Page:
Chiral slipped 5,8:9′,10′-cyclodimers were preferentially produced over classical 9,10:9′,10′-cyclodimers upon supramolecular photocyclodimerization of 2-anthracenecarboxylate (AC) mediated by β-cyclodextrin (β-CD). This photochirogenic route to the slipped cyclodimers, exclusively head-to-tail (HT) and highly enantioselective, has long been overlooked in foregoing studies but is dominant in reality and is absolutely supramolecularly activated by 2:2 complexation of AC with β-CD. The intricate structural and photophysical aspects of this higher-order complexation-triggered process have been comprehensively elucidated, while the absolute configurations of the slipped cyclodimers have been unambiguously assigned by comparing the experimental and theoretical circular dichroism spectra. In the 2:2 complex, two ACs packed in a dual β-CD capsule are not fully overlapped with each other but are only partially stacked in a slipped anti- or syn-HT manner. Hence, they do not spontaneously cyclodimerize upon photoexcitation but instead emit long-lived excimer fluorescence at wavelengths slightly longer than the monomer fluorescence, indicating that the slipped excimer is neither extremely reactive nor completely relaxed in conformation and energy. Because of the slipped conformation of the AC pair in the soft capsule, the subsequent photocyclodimerization becomes manipulable by various internal or external factors, such as temperature, pressure, added salt, and host modification, enabling us to exclusively obtain the slipped cyclodimers with high regio- and enantioselectivities. In this supramolecularly driven photochirogenesis, the dual β-CD capsule functions as a chiral organophotocatalyst to trigger and accelerate the nonclassical photochirogenic route to slipped cyclodimers by preorganizing the conformation of the encapsulated AC pair, formally mimicking a catalytic antibody.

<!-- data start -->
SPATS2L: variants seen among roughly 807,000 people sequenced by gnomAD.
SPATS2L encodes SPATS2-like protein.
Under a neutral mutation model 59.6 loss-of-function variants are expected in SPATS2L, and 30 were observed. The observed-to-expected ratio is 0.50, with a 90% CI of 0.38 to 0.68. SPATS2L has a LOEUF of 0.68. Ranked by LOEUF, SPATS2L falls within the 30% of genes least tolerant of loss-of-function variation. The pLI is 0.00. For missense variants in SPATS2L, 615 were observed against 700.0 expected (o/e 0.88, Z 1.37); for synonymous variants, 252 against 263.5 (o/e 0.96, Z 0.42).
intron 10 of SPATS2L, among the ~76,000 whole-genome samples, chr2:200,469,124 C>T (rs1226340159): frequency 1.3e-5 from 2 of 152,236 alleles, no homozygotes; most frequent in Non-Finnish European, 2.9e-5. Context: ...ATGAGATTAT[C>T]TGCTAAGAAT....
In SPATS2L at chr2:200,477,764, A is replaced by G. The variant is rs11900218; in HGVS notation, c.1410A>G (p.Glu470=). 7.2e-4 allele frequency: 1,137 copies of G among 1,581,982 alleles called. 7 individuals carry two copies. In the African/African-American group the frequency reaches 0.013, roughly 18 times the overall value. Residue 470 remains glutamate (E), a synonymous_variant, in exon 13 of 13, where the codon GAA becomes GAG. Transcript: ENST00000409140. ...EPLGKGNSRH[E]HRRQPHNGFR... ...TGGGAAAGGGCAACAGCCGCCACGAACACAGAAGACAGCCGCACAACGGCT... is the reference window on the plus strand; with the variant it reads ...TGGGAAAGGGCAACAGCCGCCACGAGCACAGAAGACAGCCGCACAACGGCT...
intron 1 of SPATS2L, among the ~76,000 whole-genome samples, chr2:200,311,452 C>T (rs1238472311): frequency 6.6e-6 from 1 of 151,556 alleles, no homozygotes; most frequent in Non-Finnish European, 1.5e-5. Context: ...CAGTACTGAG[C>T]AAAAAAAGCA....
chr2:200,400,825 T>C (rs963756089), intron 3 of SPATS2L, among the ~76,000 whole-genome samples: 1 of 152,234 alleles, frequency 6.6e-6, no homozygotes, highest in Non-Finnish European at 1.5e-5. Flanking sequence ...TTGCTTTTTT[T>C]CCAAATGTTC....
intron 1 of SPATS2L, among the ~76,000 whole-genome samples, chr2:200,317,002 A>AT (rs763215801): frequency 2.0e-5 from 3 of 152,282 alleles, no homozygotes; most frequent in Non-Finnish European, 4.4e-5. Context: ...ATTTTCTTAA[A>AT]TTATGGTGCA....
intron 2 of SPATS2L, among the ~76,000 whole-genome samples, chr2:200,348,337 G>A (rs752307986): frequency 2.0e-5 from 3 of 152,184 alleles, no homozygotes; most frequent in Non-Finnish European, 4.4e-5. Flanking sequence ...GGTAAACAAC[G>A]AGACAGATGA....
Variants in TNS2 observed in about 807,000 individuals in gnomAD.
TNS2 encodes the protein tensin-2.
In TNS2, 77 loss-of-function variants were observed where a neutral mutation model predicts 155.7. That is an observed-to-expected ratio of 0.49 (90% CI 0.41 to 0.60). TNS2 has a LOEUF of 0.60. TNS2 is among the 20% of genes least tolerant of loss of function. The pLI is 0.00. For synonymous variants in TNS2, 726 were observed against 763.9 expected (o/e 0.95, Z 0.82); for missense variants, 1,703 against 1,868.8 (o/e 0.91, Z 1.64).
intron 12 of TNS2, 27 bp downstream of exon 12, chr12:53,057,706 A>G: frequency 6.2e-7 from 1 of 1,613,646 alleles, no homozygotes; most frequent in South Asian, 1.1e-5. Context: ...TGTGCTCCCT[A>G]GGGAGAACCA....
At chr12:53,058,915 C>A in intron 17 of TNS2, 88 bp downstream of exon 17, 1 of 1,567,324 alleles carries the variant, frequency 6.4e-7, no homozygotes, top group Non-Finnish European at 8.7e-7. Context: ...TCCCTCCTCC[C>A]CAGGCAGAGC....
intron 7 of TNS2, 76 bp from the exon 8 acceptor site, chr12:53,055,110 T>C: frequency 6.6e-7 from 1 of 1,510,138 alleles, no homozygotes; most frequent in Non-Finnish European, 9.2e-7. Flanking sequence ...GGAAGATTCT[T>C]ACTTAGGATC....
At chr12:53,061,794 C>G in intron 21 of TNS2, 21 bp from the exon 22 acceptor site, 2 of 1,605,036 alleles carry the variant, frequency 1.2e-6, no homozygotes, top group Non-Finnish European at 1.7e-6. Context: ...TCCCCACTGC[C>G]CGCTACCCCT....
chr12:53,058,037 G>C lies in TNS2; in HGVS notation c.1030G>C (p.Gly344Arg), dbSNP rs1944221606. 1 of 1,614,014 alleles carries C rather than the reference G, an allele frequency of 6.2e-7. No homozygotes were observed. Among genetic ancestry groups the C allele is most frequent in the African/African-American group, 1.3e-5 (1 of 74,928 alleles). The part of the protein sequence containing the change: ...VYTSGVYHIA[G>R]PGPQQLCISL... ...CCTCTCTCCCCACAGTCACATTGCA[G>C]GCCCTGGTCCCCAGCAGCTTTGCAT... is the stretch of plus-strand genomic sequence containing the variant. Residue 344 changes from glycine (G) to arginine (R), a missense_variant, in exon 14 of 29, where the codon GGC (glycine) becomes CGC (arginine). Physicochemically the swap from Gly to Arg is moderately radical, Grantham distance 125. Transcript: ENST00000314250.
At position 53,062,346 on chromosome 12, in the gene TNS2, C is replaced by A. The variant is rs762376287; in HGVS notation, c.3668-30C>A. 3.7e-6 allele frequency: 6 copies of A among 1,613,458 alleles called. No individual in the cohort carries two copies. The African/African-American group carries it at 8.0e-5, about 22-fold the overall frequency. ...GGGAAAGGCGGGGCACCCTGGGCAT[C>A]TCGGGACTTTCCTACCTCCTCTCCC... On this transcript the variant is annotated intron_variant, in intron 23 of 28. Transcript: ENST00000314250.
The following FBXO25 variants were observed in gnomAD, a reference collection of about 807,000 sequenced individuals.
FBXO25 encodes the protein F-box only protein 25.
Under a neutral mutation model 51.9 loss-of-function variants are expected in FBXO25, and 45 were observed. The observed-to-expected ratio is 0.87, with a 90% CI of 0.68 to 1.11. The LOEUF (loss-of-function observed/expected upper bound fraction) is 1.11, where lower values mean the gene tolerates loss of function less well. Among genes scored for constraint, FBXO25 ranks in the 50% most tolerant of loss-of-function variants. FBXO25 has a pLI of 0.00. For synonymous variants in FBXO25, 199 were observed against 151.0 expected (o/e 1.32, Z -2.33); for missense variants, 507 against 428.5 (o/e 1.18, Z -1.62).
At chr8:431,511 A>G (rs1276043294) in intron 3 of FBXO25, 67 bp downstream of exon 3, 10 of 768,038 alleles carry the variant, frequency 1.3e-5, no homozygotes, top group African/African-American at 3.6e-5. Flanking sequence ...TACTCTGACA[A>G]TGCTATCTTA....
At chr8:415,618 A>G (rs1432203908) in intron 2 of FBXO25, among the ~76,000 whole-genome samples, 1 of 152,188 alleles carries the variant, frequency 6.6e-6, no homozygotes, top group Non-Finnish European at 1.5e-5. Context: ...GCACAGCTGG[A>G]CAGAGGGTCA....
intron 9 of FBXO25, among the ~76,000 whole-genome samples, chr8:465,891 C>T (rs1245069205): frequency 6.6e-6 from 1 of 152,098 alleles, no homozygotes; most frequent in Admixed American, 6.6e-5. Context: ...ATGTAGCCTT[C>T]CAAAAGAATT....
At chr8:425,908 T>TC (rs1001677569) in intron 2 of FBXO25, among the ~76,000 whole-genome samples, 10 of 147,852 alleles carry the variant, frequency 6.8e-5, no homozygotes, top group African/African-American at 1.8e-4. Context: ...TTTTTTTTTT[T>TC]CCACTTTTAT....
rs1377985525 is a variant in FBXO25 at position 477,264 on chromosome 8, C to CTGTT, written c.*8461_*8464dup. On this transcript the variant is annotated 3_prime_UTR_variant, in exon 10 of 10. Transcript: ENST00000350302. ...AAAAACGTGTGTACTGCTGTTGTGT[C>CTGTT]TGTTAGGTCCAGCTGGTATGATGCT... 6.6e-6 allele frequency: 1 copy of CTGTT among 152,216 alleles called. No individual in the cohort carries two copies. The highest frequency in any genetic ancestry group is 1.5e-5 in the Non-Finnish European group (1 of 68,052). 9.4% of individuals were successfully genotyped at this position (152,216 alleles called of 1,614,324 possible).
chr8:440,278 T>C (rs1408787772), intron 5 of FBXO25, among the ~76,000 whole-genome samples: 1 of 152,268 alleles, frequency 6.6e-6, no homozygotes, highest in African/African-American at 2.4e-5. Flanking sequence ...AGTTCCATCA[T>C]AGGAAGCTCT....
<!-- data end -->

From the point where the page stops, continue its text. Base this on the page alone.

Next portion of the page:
ASJC Scopus subject areas
- Colloid and Surface Chemistry